Structuring lute tablature and MIDI data: Machine learning models for voice separation in symbolic music representations

de Valk, R. (2015). Structuring lute tablature and MIDI data: Machine learning models for voice separation in symbolic music representations. (Unpublished Doctoral thesis, City, University of London)

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Abstract

This thesis concerns the design, development, and implementation of machine learning models for voice separation in two forms of symbolic music representations: lute tablature and MIDI data. Three modelling approaches are described: MA1, a note-level classification approach using a neural network, MA2, a chord-level regression approach using a neural network, and MA3, a chord-level probabilistic approach using a hidden Markov model. Furthermore, three model extensions are presented: backward processing, modelling voice and duration simultaneously, and multi-pass processing using an extended (bidirectional) decision context.

Two datasets are created for model evaluation: a tablature dataset, containing a total of 15 three-voice and four-voice intabulations (lute arrangements of polyphonic vocal works) in a custom-made tablature encoding format, tab+, as well as in MIDI format, and a Bach dataset, containing the 45 three-voice and four-voice fugues from Johann Sebastian Bach’s _Das wohltemperirte Clavier_ (BWV 846-893) in MIDI format. The datasets are made available publicly, as is the software used to implement the models and the framework for training and evaluating them.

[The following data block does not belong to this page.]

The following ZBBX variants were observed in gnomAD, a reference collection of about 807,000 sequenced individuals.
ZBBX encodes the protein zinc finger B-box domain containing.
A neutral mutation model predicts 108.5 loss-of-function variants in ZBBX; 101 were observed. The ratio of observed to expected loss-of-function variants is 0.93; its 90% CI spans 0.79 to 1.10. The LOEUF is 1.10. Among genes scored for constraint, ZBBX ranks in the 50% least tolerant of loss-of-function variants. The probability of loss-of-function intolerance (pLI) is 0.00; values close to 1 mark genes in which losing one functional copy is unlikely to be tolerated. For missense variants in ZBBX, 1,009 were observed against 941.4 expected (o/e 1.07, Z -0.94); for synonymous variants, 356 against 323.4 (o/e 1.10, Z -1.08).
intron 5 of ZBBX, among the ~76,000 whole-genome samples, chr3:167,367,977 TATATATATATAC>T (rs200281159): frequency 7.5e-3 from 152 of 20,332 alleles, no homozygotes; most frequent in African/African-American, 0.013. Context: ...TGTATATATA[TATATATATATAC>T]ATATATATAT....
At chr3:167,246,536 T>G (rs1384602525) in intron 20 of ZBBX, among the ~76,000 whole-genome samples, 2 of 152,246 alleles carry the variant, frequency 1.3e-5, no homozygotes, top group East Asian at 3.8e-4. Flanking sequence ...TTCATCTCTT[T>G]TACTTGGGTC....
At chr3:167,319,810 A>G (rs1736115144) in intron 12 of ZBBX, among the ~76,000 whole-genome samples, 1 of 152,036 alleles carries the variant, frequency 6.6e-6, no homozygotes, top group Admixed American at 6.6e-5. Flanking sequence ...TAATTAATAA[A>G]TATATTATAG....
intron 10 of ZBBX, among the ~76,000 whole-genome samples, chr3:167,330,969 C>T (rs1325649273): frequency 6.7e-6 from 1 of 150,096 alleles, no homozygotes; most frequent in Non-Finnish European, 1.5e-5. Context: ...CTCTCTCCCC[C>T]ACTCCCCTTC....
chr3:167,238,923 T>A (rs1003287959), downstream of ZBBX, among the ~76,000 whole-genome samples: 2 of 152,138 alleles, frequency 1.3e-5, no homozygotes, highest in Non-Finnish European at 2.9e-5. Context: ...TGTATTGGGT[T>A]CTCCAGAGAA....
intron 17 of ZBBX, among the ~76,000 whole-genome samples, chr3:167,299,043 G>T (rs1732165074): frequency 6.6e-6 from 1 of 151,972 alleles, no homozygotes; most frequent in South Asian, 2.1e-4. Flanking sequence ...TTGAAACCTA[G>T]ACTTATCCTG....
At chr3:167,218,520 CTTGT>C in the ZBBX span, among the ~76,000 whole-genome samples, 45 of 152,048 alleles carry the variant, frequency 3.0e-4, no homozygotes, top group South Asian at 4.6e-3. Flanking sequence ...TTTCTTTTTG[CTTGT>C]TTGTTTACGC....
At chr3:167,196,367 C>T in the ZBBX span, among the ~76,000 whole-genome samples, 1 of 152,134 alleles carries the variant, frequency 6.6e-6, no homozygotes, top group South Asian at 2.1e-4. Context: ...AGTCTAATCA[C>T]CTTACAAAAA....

The models are evaluated on the datasets in four experiments. The first experiment, where the different modelling approaches are compared, shows that MA1 is the most effective and efficient approach. The second experiment shows that the features are effective, and it demonstrates the importance of the type and amount of context information that is encoded in the feature vectors. The third experiment, which concerns model extension, shows that modelling backward and modelling voice and duration simultaneously do not lead to the hypothesised increase in model performance, but that using a multi-pass bidirectional model does. In the last experiment, where the performance of the models is compared with that of existing state-of-the-art systems for voice separation, it is shown that the models described in this thesis can compete with these systems.

Item Type: Thesis (Doctoral)
Subjects: M Music and Books on Music > M Music
Q Science > QA Mathematics > QA75 Electronic computers. Computer science
Divisions: School of Informatics > Department of Computing
URI: http://openaccess.city.ac.uk/id/eprint/15659

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